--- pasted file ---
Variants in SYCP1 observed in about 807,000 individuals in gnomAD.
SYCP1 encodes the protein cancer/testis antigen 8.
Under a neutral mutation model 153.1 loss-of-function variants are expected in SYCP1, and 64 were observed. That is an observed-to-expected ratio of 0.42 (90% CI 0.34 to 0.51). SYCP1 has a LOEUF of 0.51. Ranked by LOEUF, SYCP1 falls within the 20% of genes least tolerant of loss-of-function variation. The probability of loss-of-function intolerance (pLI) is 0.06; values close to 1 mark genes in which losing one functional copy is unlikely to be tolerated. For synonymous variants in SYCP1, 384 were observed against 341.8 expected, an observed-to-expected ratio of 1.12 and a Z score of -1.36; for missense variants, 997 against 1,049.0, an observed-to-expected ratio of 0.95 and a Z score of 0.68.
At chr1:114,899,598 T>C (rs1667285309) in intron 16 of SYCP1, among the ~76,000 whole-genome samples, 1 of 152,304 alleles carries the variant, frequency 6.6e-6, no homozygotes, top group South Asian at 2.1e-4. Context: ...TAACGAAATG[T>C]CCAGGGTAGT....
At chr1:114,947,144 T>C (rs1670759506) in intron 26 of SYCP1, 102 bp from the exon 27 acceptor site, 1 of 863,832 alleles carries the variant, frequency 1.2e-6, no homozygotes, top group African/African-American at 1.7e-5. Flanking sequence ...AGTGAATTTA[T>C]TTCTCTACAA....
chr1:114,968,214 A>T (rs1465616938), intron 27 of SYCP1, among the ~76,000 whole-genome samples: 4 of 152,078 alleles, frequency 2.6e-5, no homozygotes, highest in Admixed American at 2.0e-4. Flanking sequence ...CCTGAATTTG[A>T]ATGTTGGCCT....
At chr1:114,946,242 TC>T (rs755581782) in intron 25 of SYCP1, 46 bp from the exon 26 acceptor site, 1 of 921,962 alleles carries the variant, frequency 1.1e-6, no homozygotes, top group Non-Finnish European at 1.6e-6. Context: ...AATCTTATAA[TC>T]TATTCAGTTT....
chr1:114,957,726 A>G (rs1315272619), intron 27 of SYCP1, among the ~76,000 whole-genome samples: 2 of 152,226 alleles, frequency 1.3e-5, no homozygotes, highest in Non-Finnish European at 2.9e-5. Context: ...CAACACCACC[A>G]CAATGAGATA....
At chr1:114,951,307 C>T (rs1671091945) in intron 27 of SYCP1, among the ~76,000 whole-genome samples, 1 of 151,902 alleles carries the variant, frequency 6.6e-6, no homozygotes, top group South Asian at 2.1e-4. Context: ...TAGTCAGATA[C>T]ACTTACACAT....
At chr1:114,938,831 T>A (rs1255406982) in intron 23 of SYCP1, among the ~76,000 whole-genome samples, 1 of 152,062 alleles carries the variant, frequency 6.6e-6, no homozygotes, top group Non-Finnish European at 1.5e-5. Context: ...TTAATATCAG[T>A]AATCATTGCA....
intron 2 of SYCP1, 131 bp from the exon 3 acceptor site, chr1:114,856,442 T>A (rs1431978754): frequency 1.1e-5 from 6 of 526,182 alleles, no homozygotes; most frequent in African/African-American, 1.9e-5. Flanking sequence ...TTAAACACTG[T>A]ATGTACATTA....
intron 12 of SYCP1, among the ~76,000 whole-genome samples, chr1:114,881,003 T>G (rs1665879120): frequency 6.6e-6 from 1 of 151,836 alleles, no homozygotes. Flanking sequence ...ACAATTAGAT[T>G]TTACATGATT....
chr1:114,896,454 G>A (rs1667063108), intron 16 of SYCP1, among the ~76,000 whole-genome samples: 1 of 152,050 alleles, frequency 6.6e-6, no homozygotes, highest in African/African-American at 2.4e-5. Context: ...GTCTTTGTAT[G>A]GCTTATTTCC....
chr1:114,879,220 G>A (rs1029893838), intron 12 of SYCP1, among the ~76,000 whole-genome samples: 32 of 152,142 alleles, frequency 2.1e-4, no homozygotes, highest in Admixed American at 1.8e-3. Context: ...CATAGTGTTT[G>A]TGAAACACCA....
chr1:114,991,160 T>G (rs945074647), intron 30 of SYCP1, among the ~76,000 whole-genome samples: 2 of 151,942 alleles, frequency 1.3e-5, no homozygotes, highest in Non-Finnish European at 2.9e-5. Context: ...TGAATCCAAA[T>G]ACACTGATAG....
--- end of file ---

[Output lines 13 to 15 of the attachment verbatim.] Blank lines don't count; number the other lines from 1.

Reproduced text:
chr1:114,896,454 G>A (rs1667063108), intron 16 of SYCP1, among the ~76,000 whole-genome samples: 1 of 152,050 alleles, frequency 6.6e-6, no homozygotes, highest in African/African-American at 2.4e-5. Context: ...GTCTTTGTAT[G>A]GCTTATTTCC....
chr1:114,879,220 G>A (rs1029893838), intron 12 of SYCP1, among the ~76,000 whole-genome samples: 32 of 152,142 alleles, frequency 2.1e-4, no homozygotes, highest in Admixed American at 1.8e-3. Context: ...CATAGTGTTT[G>A]TGAAACACCA....
chr1:114,991,160 T>G (rs945074647), intron 30 of SYCP1, among the ~76,000 whole-genome samples: 2 of 151,942 alleles, frequency 1.3e-5, no homozygotes, highest in Non-Finnish European at 2.9e-5. Context: ...TGAATCCAAA[T>G]ACACTGATAG....